If the Supreme Court could write a headline for its decision upholding the latest campaign-finance reform law, it might go like this:Skip to next paragraph
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Tell Congress it can further restrict the 'growing evil' of big money in politics
Indeed, Congress, as well as all political candidates running in 2004, need to be told that the job of protecting the integrity of the political process is not done. The 2002 Bipartisan Campaign Reform Act (BCRA), which the high court's five-justice majority enthusiastically endorsed on Wednesday, is just one more legal dam trying to block the flood of money into campaigns.
The five justices sent coded messages in their decision that the court won't let the Constitution stand in the way of even more efforts to root out the corrupting influence of large donors trying to buy access and influence in government. Indeed, they referred to this law as "modest."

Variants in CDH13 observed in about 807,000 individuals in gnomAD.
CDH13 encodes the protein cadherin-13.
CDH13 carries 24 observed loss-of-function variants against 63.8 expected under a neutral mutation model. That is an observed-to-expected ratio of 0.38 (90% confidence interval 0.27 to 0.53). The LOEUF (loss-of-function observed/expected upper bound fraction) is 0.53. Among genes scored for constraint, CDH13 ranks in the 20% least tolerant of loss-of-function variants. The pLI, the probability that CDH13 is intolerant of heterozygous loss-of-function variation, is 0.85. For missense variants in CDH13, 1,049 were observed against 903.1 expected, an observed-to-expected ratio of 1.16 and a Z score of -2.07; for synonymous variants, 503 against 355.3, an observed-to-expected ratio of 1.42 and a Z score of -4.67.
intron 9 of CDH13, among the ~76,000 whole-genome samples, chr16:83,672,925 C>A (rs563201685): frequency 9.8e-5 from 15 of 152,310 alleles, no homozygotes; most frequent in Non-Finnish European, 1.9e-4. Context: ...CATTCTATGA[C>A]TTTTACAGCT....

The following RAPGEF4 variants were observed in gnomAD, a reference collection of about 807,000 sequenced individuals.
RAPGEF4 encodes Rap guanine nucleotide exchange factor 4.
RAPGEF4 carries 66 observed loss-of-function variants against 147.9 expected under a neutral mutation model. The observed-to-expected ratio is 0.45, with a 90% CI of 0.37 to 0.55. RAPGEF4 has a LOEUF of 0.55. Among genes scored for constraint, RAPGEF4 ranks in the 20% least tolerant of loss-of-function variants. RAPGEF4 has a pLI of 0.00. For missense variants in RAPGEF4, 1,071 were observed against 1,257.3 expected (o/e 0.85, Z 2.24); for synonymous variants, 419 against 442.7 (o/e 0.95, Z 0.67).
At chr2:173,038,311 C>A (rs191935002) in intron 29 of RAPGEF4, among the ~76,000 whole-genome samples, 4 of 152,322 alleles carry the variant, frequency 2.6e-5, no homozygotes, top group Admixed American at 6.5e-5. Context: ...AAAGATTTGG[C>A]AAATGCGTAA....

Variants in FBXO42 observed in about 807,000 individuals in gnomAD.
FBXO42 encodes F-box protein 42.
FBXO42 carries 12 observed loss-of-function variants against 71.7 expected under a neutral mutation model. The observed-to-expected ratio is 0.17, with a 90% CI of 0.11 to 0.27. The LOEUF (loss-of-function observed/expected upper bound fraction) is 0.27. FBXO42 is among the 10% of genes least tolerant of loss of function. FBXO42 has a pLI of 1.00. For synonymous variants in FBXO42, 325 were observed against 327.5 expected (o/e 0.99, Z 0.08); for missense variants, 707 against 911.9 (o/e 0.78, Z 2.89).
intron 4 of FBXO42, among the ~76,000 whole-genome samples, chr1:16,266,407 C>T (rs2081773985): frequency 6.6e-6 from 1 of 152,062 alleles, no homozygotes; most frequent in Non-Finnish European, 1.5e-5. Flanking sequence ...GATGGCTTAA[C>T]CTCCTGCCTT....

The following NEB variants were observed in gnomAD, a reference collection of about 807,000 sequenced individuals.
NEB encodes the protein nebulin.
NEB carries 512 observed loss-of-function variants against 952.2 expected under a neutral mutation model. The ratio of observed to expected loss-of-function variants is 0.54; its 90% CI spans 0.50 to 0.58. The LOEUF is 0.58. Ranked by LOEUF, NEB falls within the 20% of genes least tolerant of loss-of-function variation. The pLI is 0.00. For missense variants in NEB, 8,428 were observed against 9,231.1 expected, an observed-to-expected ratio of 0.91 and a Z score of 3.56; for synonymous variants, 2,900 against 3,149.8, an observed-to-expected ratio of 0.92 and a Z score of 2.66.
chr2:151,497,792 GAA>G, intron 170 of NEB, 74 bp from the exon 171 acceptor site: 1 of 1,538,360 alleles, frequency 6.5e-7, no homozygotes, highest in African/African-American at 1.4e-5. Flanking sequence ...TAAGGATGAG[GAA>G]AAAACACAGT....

They also stated that they were "under no illusion that BCRA will be the last congressional statement on the matter. Money, like water, will always find an outlet. What problems will arise, and how Congress will respond, are concerns for another day."
That day is already here, with both Democrats and Republicans directing corporations, labor unions, and wealthy individuals to give millions to private advocacy groups mostly for TV ads aimed at electing or defeating candidates.
Since it took effect in November 2002, the BCRA has helped keep big money as far out of the hands of politicians as possible, and forced candidates to raise more money through small donations. Money is not speech, as the court noted, and Congress - which knows better than the court about the corrosive influence of big donations - can continue to set up even more barriers without impinging on the First Amendment.
Voters need to be alert: This ruling will stir up almost every advocacy group in Washington to block further reform. Their ability to throw large sums at election campaigns should be the next target of reformers.
Still, campaign-finance reform has been steadily improved ever since President Theodore Roosevelt led Congress to bar corporations from giving money to federal candidates in 1907.
But, the court noted this week, "reams of disquieting evidence" show rich donors still seek access in government, giving "rise to the appearance of corruption." The justices obviously want voters to know.